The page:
Monday, February 1, 2010
Windows 7 Fails to Boost Profits of PC Makers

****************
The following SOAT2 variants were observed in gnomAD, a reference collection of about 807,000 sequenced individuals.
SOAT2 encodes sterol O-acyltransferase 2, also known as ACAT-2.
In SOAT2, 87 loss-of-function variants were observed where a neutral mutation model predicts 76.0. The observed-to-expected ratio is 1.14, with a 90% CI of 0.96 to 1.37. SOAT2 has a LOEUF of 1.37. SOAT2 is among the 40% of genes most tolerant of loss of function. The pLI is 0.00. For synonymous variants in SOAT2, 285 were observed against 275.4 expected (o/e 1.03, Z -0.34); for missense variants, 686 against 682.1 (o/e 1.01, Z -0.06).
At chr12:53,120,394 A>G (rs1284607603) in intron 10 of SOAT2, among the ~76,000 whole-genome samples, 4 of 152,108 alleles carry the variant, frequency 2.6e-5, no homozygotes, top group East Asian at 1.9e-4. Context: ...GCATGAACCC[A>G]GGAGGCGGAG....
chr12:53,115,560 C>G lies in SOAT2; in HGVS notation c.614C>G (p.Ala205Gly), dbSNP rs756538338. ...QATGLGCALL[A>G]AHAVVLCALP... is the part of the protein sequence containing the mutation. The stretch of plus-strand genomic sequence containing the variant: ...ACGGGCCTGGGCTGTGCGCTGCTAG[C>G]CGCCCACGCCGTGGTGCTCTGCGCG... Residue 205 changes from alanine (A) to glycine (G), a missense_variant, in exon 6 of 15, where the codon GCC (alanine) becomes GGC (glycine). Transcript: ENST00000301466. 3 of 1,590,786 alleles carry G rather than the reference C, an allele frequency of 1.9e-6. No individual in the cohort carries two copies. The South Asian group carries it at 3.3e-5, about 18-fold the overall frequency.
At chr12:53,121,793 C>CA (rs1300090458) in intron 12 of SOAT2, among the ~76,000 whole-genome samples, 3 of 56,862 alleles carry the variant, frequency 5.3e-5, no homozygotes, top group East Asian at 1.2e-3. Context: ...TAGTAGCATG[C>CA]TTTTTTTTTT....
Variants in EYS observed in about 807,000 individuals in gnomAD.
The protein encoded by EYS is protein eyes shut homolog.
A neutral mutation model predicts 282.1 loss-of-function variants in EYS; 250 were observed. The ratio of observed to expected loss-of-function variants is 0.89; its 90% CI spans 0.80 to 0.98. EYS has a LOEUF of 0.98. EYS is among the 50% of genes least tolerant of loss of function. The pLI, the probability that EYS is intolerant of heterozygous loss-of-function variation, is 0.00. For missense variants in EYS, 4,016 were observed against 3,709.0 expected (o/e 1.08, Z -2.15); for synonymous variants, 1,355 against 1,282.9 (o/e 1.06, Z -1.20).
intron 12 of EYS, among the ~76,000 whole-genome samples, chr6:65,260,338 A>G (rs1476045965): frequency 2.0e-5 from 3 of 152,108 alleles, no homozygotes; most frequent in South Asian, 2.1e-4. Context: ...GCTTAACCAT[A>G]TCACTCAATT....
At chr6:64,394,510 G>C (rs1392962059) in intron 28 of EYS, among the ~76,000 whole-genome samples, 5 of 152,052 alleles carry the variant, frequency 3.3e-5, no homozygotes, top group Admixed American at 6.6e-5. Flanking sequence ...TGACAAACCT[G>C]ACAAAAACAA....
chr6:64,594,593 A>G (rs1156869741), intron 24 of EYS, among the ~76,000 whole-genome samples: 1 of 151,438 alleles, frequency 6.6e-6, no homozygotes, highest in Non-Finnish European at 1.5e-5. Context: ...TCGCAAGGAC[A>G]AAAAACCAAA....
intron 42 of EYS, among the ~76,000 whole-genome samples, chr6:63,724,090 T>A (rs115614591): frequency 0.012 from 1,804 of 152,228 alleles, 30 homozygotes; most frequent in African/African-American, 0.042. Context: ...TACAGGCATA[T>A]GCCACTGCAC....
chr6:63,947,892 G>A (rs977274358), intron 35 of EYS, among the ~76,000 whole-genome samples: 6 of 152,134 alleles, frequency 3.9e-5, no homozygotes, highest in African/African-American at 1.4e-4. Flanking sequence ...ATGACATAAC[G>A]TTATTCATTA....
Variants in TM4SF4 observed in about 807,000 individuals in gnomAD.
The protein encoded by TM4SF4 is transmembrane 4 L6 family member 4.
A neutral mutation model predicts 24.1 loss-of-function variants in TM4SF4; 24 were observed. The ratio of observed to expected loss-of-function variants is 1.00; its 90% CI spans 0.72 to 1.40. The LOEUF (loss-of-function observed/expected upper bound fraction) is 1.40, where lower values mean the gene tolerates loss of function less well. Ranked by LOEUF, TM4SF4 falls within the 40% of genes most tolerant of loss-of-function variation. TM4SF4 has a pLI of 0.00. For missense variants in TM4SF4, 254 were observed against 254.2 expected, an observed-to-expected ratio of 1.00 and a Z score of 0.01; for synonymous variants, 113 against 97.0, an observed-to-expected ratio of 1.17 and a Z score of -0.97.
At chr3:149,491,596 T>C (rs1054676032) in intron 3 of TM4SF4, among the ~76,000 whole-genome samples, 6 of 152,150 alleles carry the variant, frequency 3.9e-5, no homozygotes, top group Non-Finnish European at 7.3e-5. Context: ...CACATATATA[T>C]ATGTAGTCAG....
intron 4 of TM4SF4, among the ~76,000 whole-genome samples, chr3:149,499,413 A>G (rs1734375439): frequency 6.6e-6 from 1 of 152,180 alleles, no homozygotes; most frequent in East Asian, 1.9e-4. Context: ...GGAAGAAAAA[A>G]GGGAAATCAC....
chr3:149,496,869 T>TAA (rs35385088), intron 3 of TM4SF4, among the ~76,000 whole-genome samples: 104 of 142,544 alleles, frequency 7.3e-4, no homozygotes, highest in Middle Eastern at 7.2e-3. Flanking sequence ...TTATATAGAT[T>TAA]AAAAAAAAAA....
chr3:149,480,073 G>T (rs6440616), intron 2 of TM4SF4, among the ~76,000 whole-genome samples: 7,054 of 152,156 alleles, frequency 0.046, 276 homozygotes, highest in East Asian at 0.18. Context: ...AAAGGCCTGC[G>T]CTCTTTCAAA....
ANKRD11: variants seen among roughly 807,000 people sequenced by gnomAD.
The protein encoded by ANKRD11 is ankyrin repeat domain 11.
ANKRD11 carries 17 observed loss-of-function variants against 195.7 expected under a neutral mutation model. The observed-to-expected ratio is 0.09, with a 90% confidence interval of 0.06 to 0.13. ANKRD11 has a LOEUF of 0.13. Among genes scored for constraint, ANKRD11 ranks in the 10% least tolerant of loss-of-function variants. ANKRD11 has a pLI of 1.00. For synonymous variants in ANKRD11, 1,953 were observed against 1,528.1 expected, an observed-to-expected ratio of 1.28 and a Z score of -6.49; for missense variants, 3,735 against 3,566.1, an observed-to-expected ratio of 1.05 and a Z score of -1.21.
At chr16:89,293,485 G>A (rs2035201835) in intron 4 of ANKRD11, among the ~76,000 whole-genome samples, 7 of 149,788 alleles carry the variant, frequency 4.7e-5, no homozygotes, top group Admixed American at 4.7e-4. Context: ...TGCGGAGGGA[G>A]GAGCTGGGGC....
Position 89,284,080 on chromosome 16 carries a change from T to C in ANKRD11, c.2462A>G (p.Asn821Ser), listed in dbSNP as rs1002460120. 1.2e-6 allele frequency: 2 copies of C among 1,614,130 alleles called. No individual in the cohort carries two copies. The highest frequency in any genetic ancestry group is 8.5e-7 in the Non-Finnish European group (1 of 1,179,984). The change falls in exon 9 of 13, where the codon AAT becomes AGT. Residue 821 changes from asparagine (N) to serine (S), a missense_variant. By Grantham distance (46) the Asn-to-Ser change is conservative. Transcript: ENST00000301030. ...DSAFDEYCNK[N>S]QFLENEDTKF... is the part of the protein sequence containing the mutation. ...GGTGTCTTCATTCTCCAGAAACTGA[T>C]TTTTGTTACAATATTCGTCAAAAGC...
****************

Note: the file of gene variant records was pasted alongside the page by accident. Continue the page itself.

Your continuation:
By JUSTIN SCHECK Microsoft Corp.'s new Windows 7 operating system has fattened the company's earnings and boosted personal-computer sales at retailers like Best Buy Co. But it hasn't increased the profits of PC giants Hewlett-Packard Co., Dell Inc. and others. While consumers purchased more than 90 million new PCs during the holiday quarter, when Microsoft released Windows 7, up 22% from a year earlier, PC revenue grew at just a single-digit rate, analysts say. That's largely because laptop prices posted a record year-over-year drop, falling 23% to an average of $581 last quarter from a year ago, according to market-research firm NPD Group. PC makers had hailed Windows 7 as a way for them to launch feature-laden new machines that they could sell for bigger margins. With Windows 7, said Dell Vice President Alex Gruzen in October, the PC market would no longer be a "race to the bottom" in terms of prices. But the opposite happened as PC makers ran into tight-fisted consumers and retailers that were selling PCs at deep discounts over the holiday quarter. Since PC prices dropped so quickly, analysts now expect Dell and H-P to announce slimmer PC profit margins when they report quarterly results later this month. Dell, which tried to resist cutting its prices, has already seen slower sales growth as low-cost competitor Acer Inc. has stepped up. A Dell spokeswoman says the company is focused on profitable growth rather than undercutting rivals to gain market share. But price declines are now "the trend," says Sumit Agnihotry, a vice president at Acer, the second-biggest PC maker by units behind H-P. "You can't fight too much against the trend." In the face of the falling prices, H-P has tried to maintain its profit margins by putting the squeeze on suppliers. An H-P spokeswoman says the company has used its huge size to negotiate lower component prices, allowing it to profit on lower-priced sales. The inability of the PC makers to boost profits with Windows 7 stands in stark contrast to the impact on other players. Last week, Microsoft reported a 60% jump in quarterly earnings, largely because of Windows 7 sales. Meanwhile, Intel Corp., which supplies chips to PC makers, last month reported a 28% jump in revenue and a tenfold increase in profit from a year earlier thanks to strong chip sales. Stores such as Best Buy also benefited. The electronics retailer cited strong PC sales early last month when it reported that same-store sales were up more than 8% from a year earlier. Retailers can withstand big price cuts on PCs because much of their profit on computers comes from extended warranties and accessories like laptop bags. Dropping prices "keeps us competitive in the marketplace," says Keeley Noreen, a senior merchant at Best Buy who works on PC sales. In October, for example, Best Buy introduced a package that included an H-P desktop PC, laptop, netbook and router for $1,200, far less than the $2,000 or so that such bundles would typically have cost. Similar discounts continued through Thanksgiving and Christmas, a departure from most years when such deep discounts occurred only on the Friday after Thanksgiving. To counter the falling profits, PC makers have introduced products with new features and entered new businesses. H-P has been heavily marketing touchscreen computers to consumers and has said it plans to introduce a touchscreen "tablet" machine with no keyboard. It is also offering financing to small businesses on PC purchases as low as $1,500. Meanwhile, Dell and Acer, which already sell tablet-style devices, last year entered the phone business in the hope of boosting profits. Acer recently said it plans to enter the e-reader market. Acer's Mr. Agnihotry predicts that PC prices will stabilize in coming months now that the holiday period is over. In addition, Microsoft said last week it anticipates Windows 7 will spark a wave of new purchases from corporate buyers. Until then, consumers are continuing to take advantage of cheap PC prices. Ginia Lucas, owner of Y-Knot Party and Wedding Rentals in Mesa, Ariz., recently went shopping for a new H-P PC for her business at Sam's Club and ended up deciding between a $1,000 desktop PC that ran Microsoft's old Windows XP software and a $1,200 model with Windows 7 and a bigger monitor. "We were debating," she says, because the cheaper machine was tempting. But she liked Windows 7 enough to spend the extra $200. Now, she says, "I might go buy another Windows 7 so I can install it at home."